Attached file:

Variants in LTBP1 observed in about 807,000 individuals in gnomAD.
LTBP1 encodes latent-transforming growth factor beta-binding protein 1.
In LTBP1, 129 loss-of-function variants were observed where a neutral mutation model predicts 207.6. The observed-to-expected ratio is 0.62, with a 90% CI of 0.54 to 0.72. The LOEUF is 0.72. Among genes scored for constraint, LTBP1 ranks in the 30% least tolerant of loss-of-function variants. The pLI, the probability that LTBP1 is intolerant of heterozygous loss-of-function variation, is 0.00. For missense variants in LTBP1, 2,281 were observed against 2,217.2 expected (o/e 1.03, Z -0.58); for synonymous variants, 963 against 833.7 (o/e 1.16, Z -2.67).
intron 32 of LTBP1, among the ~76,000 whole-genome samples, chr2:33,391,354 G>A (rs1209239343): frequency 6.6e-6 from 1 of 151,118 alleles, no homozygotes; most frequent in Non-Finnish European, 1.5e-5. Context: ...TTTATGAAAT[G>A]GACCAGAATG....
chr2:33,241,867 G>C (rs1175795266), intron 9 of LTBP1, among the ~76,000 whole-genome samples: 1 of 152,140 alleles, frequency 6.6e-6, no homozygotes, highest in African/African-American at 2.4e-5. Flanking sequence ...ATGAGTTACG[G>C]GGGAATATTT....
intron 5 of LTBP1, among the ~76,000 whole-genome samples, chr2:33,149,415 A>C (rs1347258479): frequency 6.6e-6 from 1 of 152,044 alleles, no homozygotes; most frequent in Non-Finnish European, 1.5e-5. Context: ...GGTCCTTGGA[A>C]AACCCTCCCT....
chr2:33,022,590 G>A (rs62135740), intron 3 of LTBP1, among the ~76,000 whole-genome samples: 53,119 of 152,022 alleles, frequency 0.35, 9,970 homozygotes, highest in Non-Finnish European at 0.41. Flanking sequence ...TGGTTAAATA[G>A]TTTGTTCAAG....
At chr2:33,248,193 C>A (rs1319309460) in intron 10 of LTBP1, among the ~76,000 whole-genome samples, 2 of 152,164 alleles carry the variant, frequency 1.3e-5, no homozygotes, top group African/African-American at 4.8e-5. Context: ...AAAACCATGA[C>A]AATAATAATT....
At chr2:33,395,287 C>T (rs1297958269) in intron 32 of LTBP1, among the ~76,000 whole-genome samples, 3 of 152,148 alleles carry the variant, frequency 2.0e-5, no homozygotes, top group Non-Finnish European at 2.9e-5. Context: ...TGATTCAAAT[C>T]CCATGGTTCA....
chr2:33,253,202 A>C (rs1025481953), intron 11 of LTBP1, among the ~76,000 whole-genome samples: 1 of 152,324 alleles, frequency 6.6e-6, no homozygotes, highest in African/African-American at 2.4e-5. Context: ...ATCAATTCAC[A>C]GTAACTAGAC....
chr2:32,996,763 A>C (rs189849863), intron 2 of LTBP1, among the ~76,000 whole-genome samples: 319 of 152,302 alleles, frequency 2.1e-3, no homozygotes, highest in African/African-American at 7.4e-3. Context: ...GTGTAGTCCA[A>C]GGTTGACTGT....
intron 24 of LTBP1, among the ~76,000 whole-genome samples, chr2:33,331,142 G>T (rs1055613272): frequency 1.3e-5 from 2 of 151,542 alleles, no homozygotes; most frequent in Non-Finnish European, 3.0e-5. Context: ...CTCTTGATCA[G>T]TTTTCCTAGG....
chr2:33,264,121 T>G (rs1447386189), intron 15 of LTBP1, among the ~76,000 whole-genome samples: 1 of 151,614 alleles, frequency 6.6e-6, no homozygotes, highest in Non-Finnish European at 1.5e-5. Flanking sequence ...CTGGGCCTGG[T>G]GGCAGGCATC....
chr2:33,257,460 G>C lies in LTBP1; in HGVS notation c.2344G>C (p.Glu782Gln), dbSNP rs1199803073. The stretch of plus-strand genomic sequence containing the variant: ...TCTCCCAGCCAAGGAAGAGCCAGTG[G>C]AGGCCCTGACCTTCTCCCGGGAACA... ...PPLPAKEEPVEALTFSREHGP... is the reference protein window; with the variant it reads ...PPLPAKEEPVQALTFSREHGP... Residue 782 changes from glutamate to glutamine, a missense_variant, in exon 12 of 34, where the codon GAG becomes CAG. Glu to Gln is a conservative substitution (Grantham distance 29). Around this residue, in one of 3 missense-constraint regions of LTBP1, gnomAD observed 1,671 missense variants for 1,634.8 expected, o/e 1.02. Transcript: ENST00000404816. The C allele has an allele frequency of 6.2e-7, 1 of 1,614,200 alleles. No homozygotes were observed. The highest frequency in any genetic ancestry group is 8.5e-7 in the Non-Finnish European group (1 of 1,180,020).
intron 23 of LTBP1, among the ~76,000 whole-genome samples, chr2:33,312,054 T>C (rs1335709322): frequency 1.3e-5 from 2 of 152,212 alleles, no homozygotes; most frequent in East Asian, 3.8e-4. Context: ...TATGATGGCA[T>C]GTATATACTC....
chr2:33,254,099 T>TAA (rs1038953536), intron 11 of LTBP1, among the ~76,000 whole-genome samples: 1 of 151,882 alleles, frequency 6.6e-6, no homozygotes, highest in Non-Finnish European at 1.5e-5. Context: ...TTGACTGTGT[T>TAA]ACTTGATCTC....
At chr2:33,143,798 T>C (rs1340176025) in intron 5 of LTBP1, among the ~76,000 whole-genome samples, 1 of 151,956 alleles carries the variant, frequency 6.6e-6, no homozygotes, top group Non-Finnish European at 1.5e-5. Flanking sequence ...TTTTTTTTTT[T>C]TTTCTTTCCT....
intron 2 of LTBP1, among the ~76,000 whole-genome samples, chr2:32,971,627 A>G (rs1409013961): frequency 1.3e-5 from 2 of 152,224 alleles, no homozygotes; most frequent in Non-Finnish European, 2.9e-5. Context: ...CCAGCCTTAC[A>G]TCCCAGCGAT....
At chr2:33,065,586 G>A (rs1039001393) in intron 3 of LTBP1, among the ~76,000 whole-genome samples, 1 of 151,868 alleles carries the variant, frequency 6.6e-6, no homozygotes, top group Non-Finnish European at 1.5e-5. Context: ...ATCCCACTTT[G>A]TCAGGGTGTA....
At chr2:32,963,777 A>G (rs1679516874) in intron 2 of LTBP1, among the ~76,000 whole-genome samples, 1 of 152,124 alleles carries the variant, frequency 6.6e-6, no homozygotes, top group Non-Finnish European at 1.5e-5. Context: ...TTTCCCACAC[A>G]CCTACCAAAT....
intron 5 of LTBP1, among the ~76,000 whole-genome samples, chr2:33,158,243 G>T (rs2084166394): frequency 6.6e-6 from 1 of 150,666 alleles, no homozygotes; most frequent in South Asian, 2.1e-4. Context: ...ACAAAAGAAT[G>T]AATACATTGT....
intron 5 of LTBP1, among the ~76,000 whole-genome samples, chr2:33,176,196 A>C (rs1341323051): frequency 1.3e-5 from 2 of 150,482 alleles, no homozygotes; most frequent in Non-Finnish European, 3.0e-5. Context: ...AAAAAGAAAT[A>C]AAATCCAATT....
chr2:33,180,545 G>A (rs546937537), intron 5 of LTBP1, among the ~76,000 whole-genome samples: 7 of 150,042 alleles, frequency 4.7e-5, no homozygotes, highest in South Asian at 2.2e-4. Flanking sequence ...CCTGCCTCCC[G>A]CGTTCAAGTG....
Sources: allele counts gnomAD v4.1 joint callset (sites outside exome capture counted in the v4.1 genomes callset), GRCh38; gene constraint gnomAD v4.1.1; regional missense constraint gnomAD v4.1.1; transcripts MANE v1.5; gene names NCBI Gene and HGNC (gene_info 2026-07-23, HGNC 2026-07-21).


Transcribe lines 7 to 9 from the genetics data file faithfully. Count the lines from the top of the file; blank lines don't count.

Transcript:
chr2:33,022,590 G>A (rs62135740), intron 3 of LTBP1, among the ~76,000 whole-genome samples: 53,119 of 152,022 alleles, frequency 0.35, 9,970 homozygotes, highest in Non-Finnish European at 0.41. Flanking sequence ...TGGTTAAATA[G>A]TTTGTTCAAG....
At chr2:33,248,193 C>A (rs1319309460) in intron 10 of LTBP1, among the ~76,000 whole-genome samples, 2 of 152,164 alleles carry the variant, frequency 1.3e-5, no homozygotes, top group African/African-American at 4.8e-5. Context: ...AAAACCATGA[C>A]AATAATAATT....
At chr2:33,395,287 C>T (rs1297958269) in intron 32 of LTBP1, among the ~76,000 whole-genome samples, 3 of 152,148 alleles carry the variant, frequency 2.0e-5, no homozygotes, top group Non-Finnish European at 2.9e-5. Context: ...TGATTCAAAT[C>T]CCATGGTTCA....